The biggest dietary change I could recommend is not a diet per se, but wisdom and insight: eat slowly because your brain has about a 10-15 minutes lag between when your stomach is full and when your appetite registers that your stomach is full. Do not go back for seconds until you waited at least 15 minutes and you are still hungry; and most importantly while it seems obvious to say, but in reality it is not: stop eating when you feel full, no matter how good that desert, piece of steak, or whatever tempts your palate that is sitting on your plate or on the desert cart.

That is why it is so important to get family and friends on board when you set a new goal. They can help you (or at the very least try to get them to agree not to hurt you). I will give you updates as to my progress as we achieve them together. There are many out there who do not have the struggles that I am currently having. I used to have a metabolism where I could eat 2 full meals at a time and not gain weight. That was 35 years ago; those days are long gone. But, I have friends who still do: boy, are they lucky. I hope they appreciate that. The rest of us struggle, but the struggle is worth it because it helps to define who we are, and that we do not give in just because it is hard.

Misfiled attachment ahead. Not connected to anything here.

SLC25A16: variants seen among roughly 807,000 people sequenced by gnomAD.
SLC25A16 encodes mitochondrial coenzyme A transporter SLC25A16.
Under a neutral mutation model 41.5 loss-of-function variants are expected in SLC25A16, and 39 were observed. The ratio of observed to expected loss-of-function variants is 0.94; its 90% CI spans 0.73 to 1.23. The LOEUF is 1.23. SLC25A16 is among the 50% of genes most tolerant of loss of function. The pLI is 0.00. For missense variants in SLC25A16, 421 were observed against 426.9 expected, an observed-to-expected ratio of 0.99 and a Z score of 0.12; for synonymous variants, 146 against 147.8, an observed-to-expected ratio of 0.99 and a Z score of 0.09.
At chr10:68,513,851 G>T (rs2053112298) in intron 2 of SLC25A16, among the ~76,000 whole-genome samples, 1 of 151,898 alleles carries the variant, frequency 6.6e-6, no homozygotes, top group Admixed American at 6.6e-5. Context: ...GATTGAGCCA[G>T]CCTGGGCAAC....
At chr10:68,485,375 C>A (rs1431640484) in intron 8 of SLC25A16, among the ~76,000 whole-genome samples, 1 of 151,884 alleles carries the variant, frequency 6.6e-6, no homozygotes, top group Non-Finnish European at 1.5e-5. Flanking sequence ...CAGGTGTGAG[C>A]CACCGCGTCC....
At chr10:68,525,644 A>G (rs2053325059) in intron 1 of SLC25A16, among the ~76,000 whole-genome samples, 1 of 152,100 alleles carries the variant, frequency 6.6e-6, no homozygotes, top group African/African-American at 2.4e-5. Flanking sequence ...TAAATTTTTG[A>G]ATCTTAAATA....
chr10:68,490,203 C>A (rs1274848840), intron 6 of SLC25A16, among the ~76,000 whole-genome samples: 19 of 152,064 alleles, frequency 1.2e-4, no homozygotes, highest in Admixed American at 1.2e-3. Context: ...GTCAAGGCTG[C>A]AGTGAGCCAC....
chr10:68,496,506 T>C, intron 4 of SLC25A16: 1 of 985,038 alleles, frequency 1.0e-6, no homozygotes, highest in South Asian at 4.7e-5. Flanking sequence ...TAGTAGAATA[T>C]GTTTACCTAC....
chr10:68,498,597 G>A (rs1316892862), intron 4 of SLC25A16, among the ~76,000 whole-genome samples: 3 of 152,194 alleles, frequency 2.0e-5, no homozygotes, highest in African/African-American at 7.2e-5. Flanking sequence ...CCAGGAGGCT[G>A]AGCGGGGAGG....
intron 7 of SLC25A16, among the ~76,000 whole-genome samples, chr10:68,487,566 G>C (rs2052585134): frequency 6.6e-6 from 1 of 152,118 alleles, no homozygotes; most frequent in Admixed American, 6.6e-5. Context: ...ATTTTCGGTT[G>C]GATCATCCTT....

Speaking of hard, ab exercises are really hard, especially for someone who is out of shape. The first time I tried to do the 5 minute Daily Abs app, I could barely do any of them, and frequently had to stop and catch my breath in the middle of a 30-second exercise.”Well, I can’t even do 30-seconds straight, let alone 5 minutes, how am I going to do this?” The answer is, “just keep trying”, “catch your breath”, “do it again”, “at least try to finish out the 30 seconds”, “do the last 5 seconds as best you can”, “get a brief break before the next one starts”, the list of things to think while struggling goes on and on…